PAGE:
By Nick Simonson
Every year about this time there are stories in the headlines that have most people shaking their heads. A truck goes through the ice, a towable shack house sinks during an untimely warm-up, or an angler unfamiliar with the elements of a body of water finds himself in trouble. While most of the time the loss is just property, sometimes the end results are much more tragic when sportsmen test the limits of early ice in order to say they were the first ones out there or to get on a hot bite. Knowing those things that impact the quality of early ice and provide hints to weak spots on your favorite water can help you avoid issues this time of year.
Water in motion freezes later and thickens slower than still water. That’s why major rivers rarely ice up completely, and those areas that do freeze up on a flowing water aren’t nearly as thick as that on nearby lakes and ponds. Anything that keeps water in motion – whether natural current, migrating waterfowl paddling around in an open area, or even large schools of bait like whitefish – can impact when and how thick ice forms. Additionally, aerators used on some lakes to prevent them from winterkilling can create a suspect area. The importance of knowing where current and these potential areas of weak ice due to moving water exists cannot be understated, and they should be avoided and given a wide berth when exploring early ice options.
Snow impacts the formation of ice by not only slowing the process down, but also by decreasing the quality of the ice. Snow acts as a blanket of insulation which prevents ice from forming as fast as if it were not covered, and additionally if snow accumulates in large amounts, it can cause significant stress on ice and lower its strength that way as well. Needless to say, if it is warm enough for rain, liquid precipitation can quickly erode early ice and make it weaker and less safe for travel. Any time first ice is followed by either form of precipitation, anglers should take note and proceed with caution.
Wind is another factor that prevents the formation of good ice. On lakes small and big, a few days of strong wind can wreak havoc on newly-formed ice. Generally, once the water body is iced over, wind can’t do much, but in the early days it can break and pile ice on the downwind side of the water, forming a cracked and refrozen surface that doesn’t have the same strength as an unbroken ice formation. On larger bodies of water, wind following a warm-up has been known to crack entire surfaces loose and send them into the main water body, stranding anglers on the shelf in a precarious position.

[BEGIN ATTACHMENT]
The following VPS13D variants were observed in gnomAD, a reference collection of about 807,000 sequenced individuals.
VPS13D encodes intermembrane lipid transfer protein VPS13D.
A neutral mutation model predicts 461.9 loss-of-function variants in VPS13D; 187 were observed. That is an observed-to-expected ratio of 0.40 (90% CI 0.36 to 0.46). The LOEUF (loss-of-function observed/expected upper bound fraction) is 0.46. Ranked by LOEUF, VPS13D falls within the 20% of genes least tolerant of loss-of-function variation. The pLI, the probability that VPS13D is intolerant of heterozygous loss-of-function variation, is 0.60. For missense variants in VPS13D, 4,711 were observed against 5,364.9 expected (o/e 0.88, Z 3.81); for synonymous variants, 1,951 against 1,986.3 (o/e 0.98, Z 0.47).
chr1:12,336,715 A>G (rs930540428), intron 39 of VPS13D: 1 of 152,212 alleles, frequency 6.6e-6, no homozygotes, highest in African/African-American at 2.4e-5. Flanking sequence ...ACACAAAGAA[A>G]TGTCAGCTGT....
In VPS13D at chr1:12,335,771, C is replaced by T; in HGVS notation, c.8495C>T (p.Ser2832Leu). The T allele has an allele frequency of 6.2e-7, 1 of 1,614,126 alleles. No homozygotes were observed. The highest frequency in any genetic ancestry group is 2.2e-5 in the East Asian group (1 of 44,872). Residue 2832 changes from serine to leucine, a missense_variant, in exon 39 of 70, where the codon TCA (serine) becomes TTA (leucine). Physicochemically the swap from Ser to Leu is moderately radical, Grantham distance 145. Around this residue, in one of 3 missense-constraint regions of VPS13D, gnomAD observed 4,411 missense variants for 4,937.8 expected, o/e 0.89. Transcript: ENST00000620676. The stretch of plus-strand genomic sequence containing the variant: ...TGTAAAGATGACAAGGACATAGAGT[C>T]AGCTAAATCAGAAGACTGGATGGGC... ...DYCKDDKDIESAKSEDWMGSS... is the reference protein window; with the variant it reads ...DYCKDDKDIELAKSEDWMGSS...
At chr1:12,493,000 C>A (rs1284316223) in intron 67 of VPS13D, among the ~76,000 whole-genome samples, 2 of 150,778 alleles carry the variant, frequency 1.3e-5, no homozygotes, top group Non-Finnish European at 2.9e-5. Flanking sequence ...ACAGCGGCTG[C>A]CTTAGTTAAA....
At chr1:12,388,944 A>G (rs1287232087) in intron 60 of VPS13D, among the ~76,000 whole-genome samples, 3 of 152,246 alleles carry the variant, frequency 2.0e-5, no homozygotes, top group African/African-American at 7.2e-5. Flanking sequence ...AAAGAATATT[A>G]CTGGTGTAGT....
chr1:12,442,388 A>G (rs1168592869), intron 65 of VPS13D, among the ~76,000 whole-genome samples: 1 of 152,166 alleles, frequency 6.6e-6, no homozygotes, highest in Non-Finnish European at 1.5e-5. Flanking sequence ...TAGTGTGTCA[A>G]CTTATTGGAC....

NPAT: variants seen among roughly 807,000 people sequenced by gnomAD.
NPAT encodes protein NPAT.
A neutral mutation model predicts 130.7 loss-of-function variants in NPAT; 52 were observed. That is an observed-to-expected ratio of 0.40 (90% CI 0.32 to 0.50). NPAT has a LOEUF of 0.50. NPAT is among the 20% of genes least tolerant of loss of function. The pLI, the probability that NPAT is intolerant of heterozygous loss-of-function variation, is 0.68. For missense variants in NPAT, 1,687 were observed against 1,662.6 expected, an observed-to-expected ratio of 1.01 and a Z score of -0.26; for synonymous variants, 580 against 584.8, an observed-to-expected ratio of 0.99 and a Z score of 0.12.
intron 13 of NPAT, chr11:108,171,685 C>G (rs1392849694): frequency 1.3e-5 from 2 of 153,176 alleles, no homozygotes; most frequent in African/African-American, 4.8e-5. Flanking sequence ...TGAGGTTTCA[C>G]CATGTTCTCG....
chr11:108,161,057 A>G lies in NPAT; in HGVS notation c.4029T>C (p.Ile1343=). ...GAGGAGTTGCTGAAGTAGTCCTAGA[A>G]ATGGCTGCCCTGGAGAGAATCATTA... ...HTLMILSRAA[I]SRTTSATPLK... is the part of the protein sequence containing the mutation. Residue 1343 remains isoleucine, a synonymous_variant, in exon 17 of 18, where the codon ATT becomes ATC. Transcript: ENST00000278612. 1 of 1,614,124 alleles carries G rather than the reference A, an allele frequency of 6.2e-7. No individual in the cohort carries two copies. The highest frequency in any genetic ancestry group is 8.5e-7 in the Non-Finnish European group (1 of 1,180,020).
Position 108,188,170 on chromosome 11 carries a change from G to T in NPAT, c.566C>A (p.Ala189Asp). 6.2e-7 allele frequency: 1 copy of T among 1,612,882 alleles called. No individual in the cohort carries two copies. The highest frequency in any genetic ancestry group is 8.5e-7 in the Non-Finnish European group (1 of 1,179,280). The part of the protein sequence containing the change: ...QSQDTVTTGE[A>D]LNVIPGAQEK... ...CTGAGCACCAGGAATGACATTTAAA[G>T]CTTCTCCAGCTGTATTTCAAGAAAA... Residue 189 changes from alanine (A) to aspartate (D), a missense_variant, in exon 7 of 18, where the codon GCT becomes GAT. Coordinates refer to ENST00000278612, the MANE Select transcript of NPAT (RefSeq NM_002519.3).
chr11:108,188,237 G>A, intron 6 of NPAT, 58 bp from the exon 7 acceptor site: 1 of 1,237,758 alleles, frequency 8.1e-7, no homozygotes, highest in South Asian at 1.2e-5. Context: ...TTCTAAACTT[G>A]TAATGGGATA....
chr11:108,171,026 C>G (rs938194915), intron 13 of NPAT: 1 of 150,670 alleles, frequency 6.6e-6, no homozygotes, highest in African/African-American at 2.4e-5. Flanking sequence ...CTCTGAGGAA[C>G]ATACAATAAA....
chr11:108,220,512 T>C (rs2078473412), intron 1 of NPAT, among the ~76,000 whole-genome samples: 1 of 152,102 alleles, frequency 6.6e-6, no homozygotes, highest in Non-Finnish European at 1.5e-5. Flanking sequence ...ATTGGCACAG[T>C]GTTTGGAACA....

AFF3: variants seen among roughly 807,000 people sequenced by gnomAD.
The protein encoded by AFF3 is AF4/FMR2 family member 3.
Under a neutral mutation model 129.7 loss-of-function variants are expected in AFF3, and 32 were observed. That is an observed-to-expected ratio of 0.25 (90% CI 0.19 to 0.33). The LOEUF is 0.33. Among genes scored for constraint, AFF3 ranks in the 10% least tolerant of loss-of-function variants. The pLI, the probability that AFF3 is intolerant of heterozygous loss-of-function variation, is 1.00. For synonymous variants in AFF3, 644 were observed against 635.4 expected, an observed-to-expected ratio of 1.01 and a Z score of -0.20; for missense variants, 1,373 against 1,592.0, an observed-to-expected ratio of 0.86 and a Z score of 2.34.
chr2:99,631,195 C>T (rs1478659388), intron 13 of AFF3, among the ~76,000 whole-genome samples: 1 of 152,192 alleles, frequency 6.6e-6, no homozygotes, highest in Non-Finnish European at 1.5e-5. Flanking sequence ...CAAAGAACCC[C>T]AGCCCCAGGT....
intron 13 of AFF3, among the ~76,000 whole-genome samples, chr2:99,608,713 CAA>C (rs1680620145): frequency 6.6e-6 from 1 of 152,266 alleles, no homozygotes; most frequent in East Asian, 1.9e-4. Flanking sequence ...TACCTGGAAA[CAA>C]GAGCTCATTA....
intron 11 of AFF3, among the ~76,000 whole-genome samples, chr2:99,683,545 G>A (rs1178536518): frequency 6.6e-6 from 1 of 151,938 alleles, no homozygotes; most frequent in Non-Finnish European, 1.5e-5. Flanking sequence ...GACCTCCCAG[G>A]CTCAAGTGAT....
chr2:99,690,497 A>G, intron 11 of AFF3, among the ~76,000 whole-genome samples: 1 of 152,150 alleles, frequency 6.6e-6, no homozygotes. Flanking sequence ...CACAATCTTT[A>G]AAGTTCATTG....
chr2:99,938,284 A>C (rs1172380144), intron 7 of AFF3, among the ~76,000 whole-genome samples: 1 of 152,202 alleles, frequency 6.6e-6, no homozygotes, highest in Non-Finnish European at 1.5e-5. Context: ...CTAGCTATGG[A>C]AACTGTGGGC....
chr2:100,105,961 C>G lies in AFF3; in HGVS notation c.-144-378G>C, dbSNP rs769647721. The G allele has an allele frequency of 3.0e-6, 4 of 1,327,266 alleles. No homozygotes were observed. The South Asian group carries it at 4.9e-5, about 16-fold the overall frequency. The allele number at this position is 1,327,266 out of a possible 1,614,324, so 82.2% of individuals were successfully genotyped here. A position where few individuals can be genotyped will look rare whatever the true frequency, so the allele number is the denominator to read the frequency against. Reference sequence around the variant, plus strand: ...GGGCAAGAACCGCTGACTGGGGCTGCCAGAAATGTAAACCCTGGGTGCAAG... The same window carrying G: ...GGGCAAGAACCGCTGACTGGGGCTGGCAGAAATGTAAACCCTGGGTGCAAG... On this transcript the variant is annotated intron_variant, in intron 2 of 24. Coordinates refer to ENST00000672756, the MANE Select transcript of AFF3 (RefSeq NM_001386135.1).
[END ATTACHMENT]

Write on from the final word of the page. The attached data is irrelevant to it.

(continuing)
While this season has been at or below the freezing mark since about deer opener, making for consistent ice formation, ice never freezes the exact same way and what might be a foot thick in a shady bay may only be six inches in the open stretch just out from it. Exposure to more direct sunlight can slow ice formation and fluctuations in temperature can slow the creation of good ice or even melt it. Areas like bridges, sunken trees or waters just off hillsides may be warmer and form ice slower, because the structures draw in and retain more solar heat which is transferred to the ice around it. Additionally, keep a close eye on the conditions – if it’s been cold for a good while, ice will be better – but if there’s been a stretch of days above freezing, or a few shots of upper 40s, make note and avoid the ice where prudent.
In the end, no ice is safe ice. Paying attention to the conditions that impact ice formation or weaken it can prevent some major headaches, or a tragedy. Moving water, changing weather conditions and sudden warm ups are just a few of the elements to take note of in anticipation of weak ice. Just remember that it’s not a sign of weakness if you’re not the first one out there catching walleyes, perch or crappies; so play it safe! Besides, there’s still about a month of hunting left…in our outdoors.
Featured Photo: Use an auger or spud bar to check ice conditions as you travel out this time of year. Recent warm-ups may present cause for concern going into the holidays as well! Simonson Photo.